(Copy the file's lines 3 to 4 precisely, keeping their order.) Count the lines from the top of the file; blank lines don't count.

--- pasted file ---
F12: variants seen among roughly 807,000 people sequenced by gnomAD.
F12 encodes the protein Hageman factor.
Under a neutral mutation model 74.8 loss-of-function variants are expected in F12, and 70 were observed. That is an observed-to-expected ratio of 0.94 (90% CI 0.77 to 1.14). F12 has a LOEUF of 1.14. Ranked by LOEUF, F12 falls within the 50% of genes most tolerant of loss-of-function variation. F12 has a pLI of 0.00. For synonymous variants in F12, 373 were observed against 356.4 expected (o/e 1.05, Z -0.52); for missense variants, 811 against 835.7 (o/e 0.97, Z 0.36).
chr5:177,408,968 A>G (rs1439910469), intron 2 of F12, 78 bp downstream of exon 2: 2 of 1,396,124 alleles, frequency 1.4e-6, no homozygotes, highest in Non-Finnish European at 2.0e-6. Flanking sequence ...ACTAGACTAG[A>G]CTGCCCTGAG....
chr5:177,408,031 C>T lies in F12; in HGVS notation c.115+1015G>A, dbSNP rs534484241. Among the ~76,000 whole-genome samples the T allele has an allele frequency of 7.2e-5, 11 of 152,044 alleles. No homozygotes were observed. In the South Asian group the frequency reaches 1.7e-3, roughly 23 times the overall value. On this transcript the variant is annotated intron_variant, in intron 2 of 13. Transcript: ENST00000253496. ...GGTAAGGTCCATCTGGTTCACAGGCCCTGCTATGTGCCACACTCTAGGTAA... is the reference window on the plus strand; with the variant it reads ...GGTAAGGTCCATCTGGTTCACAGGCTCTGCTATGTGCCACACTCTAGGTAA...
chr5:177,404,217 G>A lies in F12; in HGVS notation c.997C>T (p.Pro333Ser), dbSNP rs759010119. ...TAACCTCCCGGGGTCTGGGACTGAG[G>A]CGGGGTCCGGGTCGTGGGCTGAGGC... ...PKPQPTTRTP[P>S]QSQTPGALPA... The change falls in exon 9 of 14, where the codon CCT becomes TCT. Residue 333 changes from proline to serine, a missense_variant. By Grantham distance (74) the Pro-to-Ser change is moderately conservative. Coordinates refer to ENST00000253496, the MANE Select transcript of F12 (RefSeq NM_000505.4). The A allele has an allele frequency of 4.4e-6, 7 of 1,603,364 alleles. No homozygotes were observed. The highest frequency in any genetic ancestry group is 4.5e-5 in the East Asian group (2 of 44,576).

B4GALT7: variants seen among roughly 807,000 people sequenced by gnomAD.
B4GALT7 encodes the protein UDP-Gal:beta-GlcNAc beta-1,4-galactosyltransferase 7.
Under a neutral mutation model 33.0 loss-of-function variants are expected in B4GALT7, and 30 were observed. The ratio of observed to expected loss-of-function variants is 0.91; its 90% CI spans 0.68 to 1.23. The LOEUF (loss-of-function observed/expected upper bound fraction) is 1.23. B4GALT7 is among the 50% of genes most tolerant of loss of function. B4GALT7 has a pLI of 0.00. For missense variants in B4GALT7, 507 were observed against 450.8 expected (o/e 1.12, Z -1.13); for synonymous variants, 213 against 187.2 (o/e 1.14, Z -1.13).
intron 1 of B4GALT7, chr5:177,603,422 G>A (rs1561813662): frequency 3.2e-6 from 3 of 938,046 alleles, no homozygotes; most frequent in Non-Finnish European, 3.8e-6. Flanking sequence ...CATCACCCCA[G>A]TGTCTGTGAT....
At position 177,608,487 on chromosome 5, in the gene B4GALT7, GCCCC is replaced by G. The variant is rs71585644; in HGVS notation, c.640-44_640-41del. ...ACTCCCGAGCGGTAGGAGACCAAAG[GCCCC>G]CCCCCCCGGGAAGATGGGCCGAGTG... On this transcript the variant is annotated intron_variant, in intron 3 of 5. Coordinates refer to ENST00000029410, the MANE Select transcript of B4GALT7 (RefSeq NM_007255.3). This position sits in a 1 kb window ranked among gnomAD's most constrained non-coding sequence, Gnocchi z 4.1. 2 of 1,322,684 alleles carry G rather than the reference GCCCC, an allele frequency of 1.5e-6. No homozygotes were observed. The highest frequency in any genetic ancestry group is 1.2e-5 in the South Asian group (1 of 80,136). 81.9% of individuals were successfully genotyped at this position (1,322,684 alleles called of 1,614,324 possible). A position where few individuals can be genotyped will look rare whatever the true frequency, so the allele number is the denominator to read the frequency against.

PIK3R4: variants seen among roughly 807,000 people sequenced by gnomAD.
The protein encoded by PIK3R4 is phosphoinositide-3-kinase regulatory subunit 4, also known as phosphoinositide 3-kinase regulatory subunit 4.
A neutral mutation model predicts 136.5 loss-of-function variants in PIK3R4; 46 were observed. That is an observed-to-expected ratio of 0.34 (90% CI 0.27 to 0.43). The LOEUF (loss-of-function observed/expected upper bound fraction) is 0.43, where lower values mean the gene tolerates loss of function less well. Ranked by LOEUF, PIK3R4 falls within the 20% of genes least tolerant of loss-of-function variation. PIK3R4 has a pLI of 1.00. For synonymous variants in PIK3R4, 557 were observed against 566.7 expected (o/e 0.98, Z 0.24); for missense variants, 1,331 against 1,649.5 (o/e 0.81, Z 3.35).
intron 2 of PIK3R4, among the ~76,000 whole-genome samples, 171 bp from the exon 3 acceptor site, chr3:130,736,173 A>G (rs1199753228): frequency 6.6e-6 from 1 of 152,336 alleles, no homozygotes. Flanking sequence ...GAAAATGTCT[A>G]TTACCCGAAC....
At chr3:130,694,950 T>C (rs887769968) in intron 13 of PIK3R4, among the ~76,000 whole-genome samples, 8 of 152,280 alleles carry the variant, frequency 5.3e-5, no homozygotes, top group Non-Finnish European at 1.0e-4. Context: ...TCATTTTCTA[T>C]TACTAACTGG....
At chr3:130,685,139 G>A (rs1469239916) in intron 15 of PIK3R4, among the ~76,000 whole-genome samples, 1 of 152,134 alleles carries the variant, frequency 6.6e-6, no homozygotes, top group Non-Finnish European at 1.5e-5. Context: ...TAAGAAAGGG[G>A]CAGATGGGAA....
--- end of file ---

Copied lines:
Under a neutral mutation model 74.8 loss-of-function variants are expected in F12, and 70 were observed. That is an observed-to-expected ratio of 0.94 (90% CI 0.77 to 1.14). F12 has a LOEUF of 1.14. Ranked by LOEUF, F12 falls within the 50% of genes most tolerant of loss-of-function variation. F12 has a pLI of 0.00. For synonymous variants in F12, 373 were observed against 356.4 expected (o/e 1.05, Z -0.52); for missense variants, 811 against 835.7 (o/e 0.97, Z 0.36).
chr5:177,408,968 A>G (rs1439910469), intron 2 of F12, 78 bp downstream of exon 2: 2 of 1,396,124 alleles, frequency 1.4e-6, no homozygotes, highest in Non-Finnish European at 2.0e-6. Flanking sequence ...ACTAGACTAG[A>G]CTGCCCTGAG....